Following on from the successful test of the Pro-360-HC in our workshop the guys at Osbit and Hyserve have now installed it on the crane of this mighty wind turbine installation vessel. It’s being used to fit the yellow turbine jackets onto the sea bed foundations. Each jacket weighs 1100 tonnes. The Pro-360 is driving a hydraulic pump that operates a clamping ring.
We were asked if we could add a feedback voltage input to our software so that the controller would respond to the input from a position sensor, the aim being to create a really powerful servo mechanism. We’re pleased to say that we’ve done it, here’s a short video of a very powerful linear actuator behaving just like a radio control servo. This software will be able to go in our Pro-100, Pro-160, and Pro-360 controllers, so if you need a 360A servo give us a call.
Another great project that we’re chuffed to be involved with. The guys at www.SeaweedGeneration.com are farming seaweed to capture and store CO2. We supplied one of our Pro-160s to control the winch on this prototype catamaran in Antigua. Shame they didn’t need on site tech support though!
Here’s a Turbo Caddy golf buggy in the middle of a controller replacement operation. One of our Pro-160s went in a treat, and the patient is up and running again. We found a design flaw with the original wiring, the battery plugs are not colour coded, it’s easy to reverse them and apply reverse polarity to the electronics!
While we can’t be too specific about the details….Some say that Barbies’ car in the latest movie might just be sporting some 4QD gear! All we know is that it’s very pink.
Many of you will know that I tend to bang on about motor noise suppression, my stern lectures are often met with a resigned smile and promises to fit some in the future. Well this week we had a really interesting case that highlighted the importance of taking this seriously.
The Lord Raglan is a tourist boat running on the Brecon Canal. It is unusual in that it has a rudder, motor, and propeller at each end, it doesn’t turn around in the narrow canal, the helmsman just turns off one motor, locks one rudder and goes to the other end to drive back.
It has a single battery bank feeding one Pro-360-HV and Lynch LEM-200 motor at each end. At one end the installation has been fine, but at the other end there have been three controller failures. We spent a day there this week looking to figure out what was causing the problems.
As soon as we opened the engine bay at the problem end the cause was apparent – there were no noise suppression components fitted to the motor. However these were also missing from the other end which did not have problems, so what was the difference?
Looking into the routing of the motor wires we found that they had been run directly on top of the battery wires feeding the problem controller. The motor wires are carrying a large current that is being switched on and off very quickly, this, along with the lack of noise suppression was inducing noise into the battery wires for the controller and causing mosfet latch-up to occur.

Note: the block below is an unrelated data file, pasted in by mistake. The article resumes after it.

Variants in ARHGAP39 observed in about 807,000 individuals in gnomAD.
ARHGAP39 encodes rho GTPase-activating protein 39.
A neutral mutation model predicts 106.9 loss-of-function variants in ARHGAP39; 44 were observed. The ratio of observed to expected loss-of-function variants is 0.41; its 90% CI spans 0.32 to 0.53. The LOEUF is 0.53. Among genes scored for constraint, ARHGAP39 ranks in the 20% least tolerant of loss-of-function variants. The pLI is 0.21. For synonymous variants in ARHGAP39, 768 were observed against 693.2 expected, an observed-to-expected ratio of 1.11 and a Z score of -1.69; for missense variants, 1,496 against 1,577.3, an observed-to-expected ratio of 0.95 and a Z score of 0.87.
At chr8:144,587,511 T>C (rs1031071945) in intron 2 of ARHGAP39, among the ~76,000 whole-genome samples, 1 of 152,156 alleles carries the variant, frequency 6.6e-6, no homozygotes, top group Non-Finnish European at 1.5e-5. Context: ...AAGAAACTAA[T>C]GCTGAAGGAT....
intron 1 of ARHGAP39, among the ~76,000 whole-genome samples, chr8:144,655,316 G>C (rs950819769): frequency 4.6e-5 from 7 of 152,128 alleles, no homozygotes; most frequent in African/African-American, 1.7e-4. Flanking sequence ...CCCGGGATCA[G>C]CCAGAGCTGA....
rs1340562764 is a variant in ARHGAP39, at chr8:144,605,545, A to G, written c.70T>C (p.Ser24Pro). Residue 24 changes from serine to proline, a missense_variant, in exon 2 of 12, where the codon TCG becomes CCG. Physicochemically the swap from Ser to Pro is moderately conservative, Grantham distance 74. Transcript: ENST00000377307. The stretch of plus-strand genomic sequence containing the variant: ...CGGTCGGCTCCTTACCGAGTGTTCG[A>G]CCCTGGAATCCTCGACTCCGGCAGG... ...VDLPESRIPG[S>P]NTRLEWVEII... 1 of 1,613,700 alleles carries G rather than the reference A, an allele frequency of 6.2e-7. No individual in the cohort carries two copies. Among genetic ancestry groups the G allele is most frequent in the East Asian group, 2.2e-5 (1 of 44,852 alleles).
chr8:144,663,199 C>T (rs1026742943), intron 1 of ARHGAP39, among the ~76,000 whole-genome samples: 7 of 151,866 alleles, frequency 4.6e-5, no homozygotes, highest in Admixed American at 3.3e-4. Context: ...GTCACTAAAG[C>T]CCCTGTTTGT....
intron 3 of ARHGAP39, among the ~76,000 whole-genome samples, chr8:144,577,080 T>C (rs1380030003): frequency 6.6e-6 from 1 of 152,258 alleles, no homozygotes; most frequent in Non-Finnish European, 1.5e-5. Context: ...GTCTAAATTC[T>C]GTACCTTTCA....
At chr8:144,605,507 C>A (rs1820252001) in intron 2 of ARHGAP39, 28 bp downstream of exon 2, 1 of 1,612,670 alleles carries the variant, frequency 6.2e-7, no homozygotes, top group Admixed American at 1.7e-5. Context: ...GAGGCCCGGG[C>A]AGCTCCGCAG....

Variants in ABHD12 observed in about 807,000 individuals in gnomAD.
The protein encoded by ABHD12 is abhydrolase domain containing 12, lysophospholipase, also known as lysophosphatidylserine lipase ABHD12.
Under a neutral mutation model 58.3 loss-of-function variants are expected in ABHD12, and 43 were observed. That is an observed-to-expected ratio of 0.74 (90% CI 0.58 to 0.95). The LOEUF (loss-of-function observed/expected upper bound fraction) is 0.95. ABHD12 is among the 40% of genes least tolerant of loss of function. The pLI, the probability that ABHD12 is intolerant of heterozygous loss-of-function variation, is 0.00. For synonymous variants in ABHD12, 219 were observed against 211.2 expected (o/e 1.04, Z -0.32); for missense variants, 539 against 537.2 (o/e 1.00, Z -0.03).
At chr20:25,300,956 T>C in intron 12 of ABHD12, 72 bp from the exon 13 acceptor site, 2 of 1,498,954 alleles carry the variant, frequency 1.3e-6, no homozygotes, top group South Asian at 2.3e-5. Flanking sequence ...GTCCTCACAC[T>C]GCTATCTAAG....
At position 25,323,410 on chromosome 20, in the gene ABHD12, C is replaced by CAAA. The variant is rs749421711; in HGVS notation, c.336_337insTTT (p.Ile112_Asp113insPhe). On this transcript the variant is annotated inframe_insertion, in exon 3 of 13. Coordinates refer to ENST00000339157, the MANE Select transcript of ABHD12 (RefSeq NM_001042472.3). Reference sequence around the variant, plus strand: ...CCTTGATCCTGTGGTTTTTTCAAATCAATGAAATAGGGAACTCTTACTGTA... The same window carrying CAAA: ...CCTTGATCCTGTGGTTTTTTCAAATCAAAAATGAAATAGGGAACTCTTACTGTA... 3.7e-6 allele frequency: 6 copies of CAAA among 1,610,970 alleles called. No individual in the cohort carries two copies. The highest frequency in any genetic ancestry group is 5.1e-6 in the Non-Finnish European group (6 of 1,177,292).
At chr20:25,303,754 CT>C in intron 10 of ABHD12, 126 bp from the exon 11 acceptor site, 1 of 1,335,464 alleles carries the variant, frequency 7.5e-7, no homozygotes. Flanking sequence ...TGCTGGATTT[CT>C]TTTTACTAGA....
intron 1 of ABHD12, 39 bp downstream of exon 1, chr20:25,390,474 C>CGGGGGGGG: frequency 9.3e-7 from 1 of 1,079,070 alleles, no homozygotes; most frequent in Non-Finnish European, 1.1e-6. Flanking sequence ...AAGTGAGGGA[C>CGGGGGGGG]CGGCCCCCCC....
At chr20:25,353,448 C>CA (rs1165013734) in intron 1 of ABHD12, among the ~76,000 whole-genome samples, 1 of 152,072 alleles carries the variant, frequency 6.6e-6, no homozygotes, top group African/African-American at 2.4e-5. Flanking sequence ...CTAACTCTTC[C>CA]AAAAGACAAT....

The solution was to fit an extra section of trunking to allow the motor wires to be routed away from the battery wires, and also to fit noise suppression components to both motors.
Looking forward to going for a cruise now that it back working as it should.
The OEM controllers for the Yamaha G22 golf cart have the part number IC3645SH4V262Y1, but these don’t appear to be readily available in the UK. A customer asked us if we could provide a solution, so we looked to see if our Pro-160-HC could be made to work. After some investigation we obtained the matching connector for the wiring harness plug, figured out the various bits and pieces, and created a solution that was pretty straightforward to fit. We’ll have a look at making up a small circuit board that should make it even simpler.
You told us that you wanted a 50 degree potentiometer for the RBT that lasted longer than the standard one. We built ourselves a test rig and ran a load of the old design through a range of life tests to get some solid data that we could discuss with the manufacturer. To cut a long story short, the manufacturer has created a new potentiometer design with an improved track layout. We have had these running on the test rig for many 000s of operations now, and the ones we have stripped down show negligible signs of wear. Our tests to establish an exact figure will take some time to conclude but early results are very encouraging, and we are pleased to say that these are now available.
This picture shows the old [top] and new track designs.
A slightly unusual project today …. We’re working with a company developing a novel electrochemical cell for producing hydrogen and they asked if we could increase the frequency of the PWM output. It’s not something we’ve done before [we’re usually asked if we can slow it down], but we took on the challenge and found that we could. It throws up some interesting problems around the various timing loops within the software but we’ve tripled it to 60kHz fairly easily and it looks like 200kHz is on the cards.
The guys at Team Sprayers built this laboratory robot for applying water / fertiliser to plants over 20 years ago. The old RS motor controller is obsolete now so they asked us if we could re-create the control system for them. We used one of our Pro-160s set up for push button operation, wired in some limit switches, and tweaked a few settings – job done!